Ravens in the Sky is a very fun dark tale of mystery and adventure. It doesn't fall into the trap of unnecessary background and world building that drags down many fantasy novels - it grabs you and jumps right into the story and the characters.
The characters are fantastic, interesting, well-developed and sympathetic in their own broken ways. The primary protagonist, Irulen the wizard detective is a haunted wanderer with a dark past, a sharp mind and a witty tongue - all great elements to a memorable hero/anti-hero. Those skills serve him well as we follow him through his various mysteries, which is another wonderful point to the story I truly enjoyed. Much of the time the book reads as a murder mystery, which is another genre I love and is a pleasant departure from the stereotypical "chosen hero goes a quest to save the world" motif.
That's probably my biggest compliment to this book in fact; in many ways it doesn't read like a regular fantasy novel. Some of the tropes and trappings are there, sure, but the author isn't bogged down by them. The characters speak in a fairly modern speech pattern (though many of them are oddly obsessed with testicles) which is not anachronistic because it's just how Mr Bly sets up the language of his secondary world. As previously mentioned, there is no earth-shaking conflict the hero must overcome, no evil army to dispatch (though villains and creeps abound), no prophecies to fulfill. The characters really feel like just regular folks traveling through this world with their own personal goals and issues to deal with.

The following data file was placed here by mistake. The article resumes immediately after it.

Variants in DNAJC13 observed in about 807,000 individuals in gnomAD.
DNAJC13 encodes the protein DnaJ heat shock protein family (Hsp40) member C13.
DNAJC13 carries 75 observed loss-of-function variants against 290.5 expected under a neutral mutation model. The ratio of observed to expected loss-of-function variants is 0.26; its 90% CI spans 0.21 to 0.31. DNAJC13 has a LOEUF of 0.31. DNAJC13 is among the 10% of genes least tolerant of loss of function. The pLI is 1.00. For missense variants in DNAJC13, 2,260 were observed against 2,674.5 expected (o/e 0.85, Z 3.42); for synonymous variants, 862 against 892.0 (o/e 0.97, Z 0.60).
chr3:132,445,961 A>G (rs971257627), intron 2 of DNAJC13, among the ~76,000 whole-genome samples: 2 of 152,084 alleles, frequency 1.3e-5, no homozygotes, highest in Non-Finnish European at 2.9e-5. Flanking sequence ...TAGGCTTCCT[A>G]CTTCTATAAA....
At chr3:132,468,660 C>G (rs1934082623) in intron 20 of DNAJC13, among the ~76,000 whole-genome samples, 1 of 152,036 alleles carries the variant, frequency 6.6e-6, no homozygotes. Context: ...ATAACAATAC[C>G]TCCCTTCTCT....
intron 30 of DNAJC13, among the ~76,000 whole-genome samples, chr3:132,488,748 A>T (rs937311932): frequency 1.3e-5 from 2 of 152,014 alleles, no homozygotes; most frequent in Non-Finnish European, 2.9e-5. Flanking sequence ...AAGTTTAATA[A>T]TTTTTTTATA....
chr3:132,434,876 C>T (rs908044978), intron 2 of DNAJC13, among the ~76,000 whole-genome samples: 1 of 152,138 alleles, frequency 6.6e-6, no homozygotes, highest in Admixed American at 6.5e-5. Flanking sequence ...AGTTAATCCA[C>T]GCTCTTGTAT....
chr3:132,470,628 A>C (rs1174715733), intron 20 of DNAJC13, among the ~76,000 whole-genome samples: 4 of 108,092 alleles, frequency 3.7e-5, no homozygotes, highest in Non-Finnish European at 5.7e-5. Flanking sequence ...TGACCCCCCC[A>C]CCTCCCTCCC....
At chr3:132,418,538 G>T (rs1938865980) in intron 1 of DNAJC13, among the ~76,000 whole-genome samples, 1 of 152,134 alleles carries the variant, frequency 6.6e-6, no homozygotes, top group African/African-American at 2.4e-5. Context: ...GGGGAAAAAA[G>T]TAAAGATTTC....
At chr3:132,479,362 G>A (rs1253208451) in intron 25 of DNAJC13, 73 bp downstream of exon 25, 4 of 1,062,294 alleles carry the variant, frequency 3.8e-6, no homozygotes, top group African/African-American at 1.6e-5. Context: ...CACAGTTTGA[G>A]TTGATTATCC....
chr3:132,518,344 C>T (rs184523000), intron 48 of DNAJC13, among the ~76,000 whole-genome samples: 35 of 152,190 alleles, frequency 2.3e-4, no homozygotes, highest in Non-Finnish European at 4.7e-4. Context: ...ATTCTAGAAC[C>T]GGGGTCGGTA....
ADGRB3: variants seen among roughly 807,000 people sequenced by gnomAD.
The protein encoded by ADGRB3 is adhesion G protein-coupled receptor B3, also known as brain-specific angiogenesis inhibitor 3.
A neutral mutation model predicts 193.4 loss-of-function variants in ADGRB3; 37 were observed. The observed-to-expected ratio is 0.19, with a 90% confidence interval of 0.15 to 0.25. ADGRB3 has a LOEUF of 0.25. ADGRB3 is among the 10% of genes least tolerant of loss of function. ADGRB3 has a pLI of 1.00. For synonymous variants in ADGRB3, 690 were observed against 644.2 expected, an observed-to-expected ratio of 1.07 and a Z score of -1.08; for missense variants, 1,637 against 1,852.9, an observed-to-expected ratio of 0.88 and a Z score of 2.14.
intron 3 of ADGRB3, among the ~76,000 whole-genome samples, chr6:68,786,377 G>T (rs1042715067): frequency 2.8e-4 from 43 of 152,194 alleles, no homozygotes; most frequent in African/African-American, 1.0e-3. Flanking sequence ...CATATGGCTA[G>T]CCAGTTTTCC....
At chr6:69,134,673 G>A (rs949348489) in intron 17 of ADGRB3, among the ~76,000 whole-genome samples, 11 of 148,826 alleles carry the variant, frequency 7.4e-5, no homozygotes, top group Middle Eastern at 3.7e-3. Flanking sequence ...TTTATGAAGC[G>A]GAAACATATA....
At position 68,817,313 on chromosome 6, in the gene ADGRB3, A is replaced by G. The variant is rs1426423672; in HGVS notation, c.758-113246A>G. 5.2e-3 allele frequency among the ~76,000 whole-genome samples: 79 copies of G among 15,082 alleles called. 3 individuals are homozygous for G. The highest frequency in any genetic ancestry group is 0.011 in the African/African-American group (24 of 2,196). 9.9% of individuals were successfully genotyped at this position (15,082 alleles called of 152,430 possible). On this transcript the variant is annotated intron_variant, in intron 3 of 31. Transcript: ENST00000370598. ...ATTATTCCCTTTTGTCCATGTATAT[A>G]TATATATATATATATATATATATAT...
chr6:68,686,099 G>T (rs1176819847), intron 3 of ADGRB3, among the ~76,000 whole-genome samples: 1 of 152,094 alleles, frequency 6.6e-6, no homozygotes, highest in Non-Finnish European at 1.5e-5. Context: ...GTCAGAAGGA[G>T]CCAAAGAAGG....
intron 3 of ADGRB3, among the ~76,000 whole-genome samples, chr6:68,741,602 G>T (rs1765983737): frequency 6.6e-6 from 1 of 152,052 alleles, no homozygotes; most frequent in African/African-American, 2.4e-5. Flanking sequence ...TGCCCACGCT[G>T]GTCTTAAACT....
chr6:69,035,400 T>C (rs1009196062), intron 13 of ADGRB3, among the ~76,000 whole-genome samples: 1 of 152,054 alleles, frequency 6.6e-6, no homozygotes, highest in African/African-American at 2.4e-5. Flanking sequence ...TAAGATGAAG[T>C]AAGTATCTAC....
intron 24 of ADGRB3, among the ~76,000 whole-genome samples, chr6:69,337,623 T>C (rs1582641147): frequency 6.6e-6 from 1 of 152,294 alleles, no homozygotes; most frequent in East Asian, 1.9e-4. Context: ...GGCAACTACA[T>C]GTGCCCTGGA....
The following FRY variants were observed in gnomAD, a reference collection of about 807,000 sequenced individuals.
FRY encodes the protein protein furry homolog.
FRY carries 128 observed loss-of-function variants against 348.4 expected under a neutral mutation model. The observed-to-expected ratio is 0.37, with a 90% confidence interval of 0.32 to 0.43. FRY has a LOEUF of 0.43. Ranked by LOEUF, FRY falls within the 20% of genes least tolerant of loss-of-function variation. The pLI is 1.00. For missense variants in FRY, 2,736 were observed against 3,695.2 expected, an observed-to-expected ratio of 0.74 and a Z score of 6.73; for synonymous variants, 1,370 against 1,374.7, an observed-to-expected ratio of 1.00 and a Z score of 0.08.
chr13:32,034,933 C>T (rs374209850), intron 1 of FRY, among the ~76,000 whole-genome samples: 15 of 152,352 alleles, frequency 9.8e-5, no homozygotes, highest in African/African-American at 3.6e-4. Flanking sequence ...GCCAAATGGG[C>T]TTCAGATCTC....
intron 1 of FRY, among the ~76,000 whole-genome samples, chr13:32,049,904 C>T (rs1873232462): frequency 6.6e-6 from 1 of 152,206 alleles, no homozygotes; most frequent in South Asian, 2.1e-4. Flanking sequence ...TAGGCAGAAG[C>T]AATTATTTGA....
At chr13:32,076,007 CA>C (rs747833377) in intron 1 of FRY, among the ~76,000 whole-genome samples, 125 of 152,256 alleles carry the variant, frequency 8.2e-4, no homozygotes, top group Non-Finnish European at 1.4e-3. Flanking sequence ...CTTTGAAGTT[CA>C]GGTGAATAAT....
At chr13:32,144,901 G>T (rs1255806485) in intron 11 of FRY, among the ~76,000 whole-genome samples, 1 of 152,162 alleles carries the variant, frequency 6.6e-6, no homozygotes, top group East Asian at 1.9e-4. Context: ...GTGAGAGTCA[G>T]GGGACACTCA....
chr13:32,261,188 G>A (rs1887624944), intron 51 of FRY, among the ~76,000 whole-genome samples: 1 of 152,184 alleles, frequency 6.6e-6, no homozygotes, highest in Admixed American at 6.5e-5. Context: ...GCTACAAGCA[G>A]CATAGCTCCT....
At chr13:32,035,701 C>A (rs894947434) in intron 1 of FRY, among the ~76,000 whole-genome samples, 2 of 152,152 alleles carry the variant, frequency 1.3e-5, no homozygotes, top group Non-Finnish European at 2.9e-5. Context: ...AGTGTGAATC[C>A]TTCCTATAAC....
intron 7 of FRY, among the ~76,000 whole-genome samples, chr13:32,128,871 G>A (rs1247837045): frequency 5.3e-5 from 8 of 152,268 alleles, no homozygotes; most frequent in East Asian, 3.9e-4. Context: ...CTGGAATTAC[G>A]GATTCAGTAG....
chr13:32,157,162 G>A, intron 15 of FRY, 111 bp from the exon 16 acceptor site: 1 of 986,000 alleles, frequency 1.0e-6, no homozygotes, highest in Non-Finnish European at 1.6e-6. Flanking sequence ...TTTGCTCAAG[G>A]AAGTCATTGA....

The only drawback is that the main storyline takes a while to get going, but this a minor quibble as there is lots going on to keep the reader busy (there's even a brief zombie uprising!). Again, this stems from the fact that these are living characters in a living world that aren't "destined" to do anything. Stuff happens around them, and it takes awhile for all the plotlines to come together. It's a very neat piece of storytelling, honestly.
So yeah, a dark murder mystery with nuanced characters in a vibrant but not bloated fantasy world? I could get used to this. Get back to your word processor, Mr Bly.
(reviewed the day of purchase)